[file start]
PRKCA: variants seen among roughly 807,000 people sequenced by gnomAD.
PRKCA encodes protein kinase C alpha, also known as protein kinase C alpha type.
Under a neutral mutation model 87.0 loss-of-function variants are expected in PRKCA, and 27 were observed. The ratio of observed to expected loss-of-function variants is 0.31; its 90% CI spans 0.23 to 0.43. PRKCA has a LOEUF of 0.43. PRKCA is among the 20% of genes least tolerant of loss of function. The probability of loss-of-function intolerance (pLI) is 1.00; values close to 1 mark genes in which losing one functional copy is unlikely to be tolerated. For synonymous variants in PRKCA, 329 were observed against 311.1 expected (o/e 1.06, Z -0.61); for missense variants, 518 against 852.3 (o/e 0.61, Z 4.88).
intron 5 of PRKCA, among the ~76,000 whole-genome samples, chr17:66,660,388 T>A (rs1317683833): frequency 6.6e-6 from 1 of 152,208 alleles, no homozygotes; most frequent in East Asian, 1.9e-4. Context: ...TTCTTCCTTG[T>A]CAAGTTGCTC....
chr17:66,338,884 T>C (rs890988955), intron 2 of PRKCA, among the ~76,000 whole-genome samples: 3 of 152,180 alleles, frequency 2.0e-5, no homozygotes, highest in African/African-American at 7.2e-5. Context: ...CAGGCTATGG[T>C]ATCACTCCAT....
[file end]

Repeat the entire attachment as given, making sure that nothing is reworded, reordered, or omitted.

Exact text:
PRKCA: variants seen among roughly 807,000 people sequenced by gnomAD.
PRKCA encodes protein kinase C alpha, also known as protein kinase C alpha type.
Under a neutral mutation model 87.0 loss-of-function variants are expected in PRKCA, and 27 were observed. The ratio of observed to expected loss-of-function variants is 0.31; its 90% CI spans 0.23 to 0.43. PRKCA has a LOEUF of 0.43. PRKCA is among the 20% of genes least tolerant of loss of function. The probability of loss-of-function intolerance (pLI) is 1.00; values close to 1 mark genes in which losing one functional copy is unlikely to be tolerated. For synonymous variants in PRKCA, 329 were observed against 311.1 expected (o/e 1.06, Z -0.61); for missense variants, 518 against 852.3 (o/e 0.61, Z 4.88).
intron 5 of PRKCA, among the ~76,000 whole-genome samples, chr17:66,660,388 T>A (rs1317683833): frequency 6.6e-6 from 1 of 152,208 alleles, no homozygotes; most frequent in East Asian, 1.9e-4. Context: ...TTCTTCCTTG[T>A]CAAGTTGCTC....
chr17:66,338,884 T>C (rs890988955), intron 2 of PRKCA, among the ~76,000 whole-genome samples: 3 of 152,180 alleles, frequency 2.0e-5, no homozygotes, highest in African/African-American at 7.2e-5. Context: ...CAGGCTATGG[T>C]ATCACTCCAT....